Agreeing to the giant's demands, Loki returned to Asgard and told Thor of the beauty of Geirrod’s daughters, Gjalp and Greip. Intrigued, Thor consented to go and see them, leaving his beloved hammer Mjölnir and his girdle of strength behind. Once in Jotunheim, Loki and Thor happened to stop at the home of the giantess Grid, who warned Thor of the plot against him. Seeing that he lacked his usual armaments, she also loaned him a pair of iron gloves, a belt, and a magical staff. Thor used these weapons to turn the tables on Geirrod, murdering him and his daughters before fleeing Jotunheim in triumph once again.

Jotunheim in the Beginning and the End

In addition to Thrymheim and Utgard, the realm of Jotunheim was home to Mimir’s well, a spring located near the roots of Yggdrasil. The well's waters granted wisdom to anyone who drank of them, and it was for this reason that Mimir’s well played a key role in Norse lore.

According to the Völuspá of the Poetic Edda, Odin traveled to Jotunheim in search of wisdom. Upon arriving at Mimir’s well, he pulled out one of his eyes and cast it into the shaft, where Mimir drank its mead everyday:

Alone I sat when the Old One sought me,
The terror of gods, and gazed in mine eyes:
‘What hast thou to ask? why comest thou hither?
Othin, I know where thine eye is hidden.’
I know where Othin's eye is hidden,
Deep in the wide-famed well of Mimir;
Mead from the pledge of Othin each mom
Does Mimir drink: would you know yet more?4

The Völuspá also predicted that during Ragnarök, the series of events leading to the end of all things, Jotunheim would tremble with expectation and release its monsters unto the world:

In their dwellings at peace they played at tables,
Of gold no lack did the gods then know,—
Till thither came up giant-maids three,
Huge of might, out of Jotunheim.5

All the creatures of Jotunheim, including the fire giant Surt, would come swarming out of the realm to do battle with the gods on the plains of Asgard. Jotunheim and the other realms would ultimately turn to ash and be annihilated with all creation.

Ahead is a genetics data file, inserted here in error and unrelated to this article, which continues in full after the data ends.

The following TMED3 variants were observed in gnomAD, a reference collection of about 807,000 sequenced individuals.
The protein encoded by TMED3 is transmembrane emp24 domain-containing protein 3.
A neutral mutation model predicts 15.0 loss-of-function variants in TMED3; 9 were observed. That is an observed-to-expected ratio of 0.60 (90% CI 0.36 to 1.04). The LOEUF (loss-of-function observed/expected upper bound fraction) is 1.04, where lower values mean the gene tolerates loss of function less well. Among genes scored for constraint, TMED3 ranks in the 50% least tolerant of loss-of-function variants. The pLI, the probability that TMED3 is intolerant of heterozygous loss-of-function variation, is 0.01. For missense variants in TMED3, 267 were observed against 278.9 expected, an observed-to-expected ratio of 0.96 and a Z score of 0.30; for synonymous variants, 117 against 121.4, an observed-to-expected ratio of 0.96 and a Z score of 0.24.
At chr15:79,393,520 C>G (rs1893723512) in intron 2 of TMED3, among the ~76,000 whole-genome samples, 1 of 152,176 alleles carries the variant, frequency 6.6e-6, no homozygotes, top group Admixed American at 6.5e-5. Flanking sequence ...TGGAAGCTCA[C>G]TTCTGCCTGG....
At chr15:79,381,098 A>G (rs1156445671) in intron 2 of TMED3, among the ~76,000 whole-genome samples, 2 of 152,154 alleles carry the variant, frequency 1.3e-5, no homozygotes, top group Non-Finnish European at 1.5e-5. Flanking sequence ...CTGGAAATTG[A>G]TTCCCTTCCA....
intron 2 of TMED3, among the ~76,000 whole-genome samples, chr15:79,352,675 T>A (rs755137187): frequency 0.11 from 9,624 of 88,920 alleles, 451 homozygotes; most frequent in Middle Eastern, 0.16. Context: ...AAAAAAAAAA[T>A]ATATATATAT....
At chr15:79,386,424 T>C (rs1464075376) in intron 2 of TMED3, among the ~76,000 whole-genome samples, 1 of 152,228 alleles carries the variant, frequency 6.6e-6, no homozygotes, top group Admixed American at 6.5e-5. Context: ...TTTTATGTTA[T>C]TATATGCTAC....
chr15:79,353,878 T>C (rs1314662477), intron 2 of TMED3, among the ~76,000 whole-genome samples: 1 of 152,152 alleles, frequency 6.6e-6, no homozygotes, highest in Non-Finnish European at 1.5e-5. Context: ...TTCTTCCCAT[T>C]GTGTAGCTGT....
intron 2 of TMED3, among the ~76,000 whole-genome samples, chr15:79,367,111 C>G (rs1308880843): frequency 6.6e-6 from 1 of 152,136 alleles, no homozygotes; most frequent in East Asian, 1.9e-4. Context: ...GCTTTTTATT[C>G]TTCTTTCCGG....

Pop Culture

Jotunheim has maintained a small presence in popular culture, largely thanks to both Marvel Comics and the Marvel Cinematic Universe. Thor (2011) featured a plotline involving Jotunheim, here portrayed as a bleak and icy realm. The film began with a rogue band of frost giants breaking into Asgard’s vault and attempting to steal a magical item. Not willing to stand for such insolence, Thor lead a team to Jotunheim to confront Laufey, king of the frost giants. Thor's mission destroyed a hard-won peace between the frost giants and the Asgardians, and Odin banished him to Midgard (Earth) for his recklessness.

Antarctica's Jotunheim Valley was named for the Norse realm. It is surrounded by a mountain known as Utgard Peak, itself located in the Asgard Range.

References

Bibliography

  1. Sturluson, Snorri. The Skáldskaparmál of the Prose Edda. Translated by Arthur Gilchrist Brodeur. Internet Sacred Text Archive. Accessed on April 2, 2020. https://www.sacred-texts.com/neu/pre/pre05.htm.

  2. Thrymskvitha of the Poetic Edda. Translated by Henry Adams Bellows. Internet Sacred Text Archive. Accessed on April 1, 2020. https://www.sacred-texts.com/neu/poe/poe11.htm.

  3. Völuspá of the Poetic Edda. Translated by Henry Adams Bellows. The Internet Sacred Text Archive. Accessed on April 1, 2020. https://www.sacred-texts.com/neu/poe/poe03.htm.

  4. Wikipedia contributers. “Jotunheim.” Wikipedia. Accessed on April 1, 2020. https://en.wikipedia.org/wiki/J%C3%B6tunheimr

Footnotes

  1. The Skáldskaparmál of the Prose Edda, translated by Arthur Gilchrist Brodeur, I. https://www.sacred-texts.com/neu/pre/pre05.htm

  2. The Thrymskvitha of the Poetic Edda, translated by Henry Adams Bellows, Stanza 21. https://www.sacred-texts.com/neu/poe/poe11.htm

  3. Ibid., 26. 

  4. The Völuspá of the Poetic Edda, translated by Henry Adams Bellows, Stanza 28, 29. https://www.sacred-texts.com/neu/poe/poe03.htm

  5. Ibid., Stanza 8. 

Citation

About the Author

Thomas Apel is a historian of science and religion who received his Ph.D. in History from Georgetown University.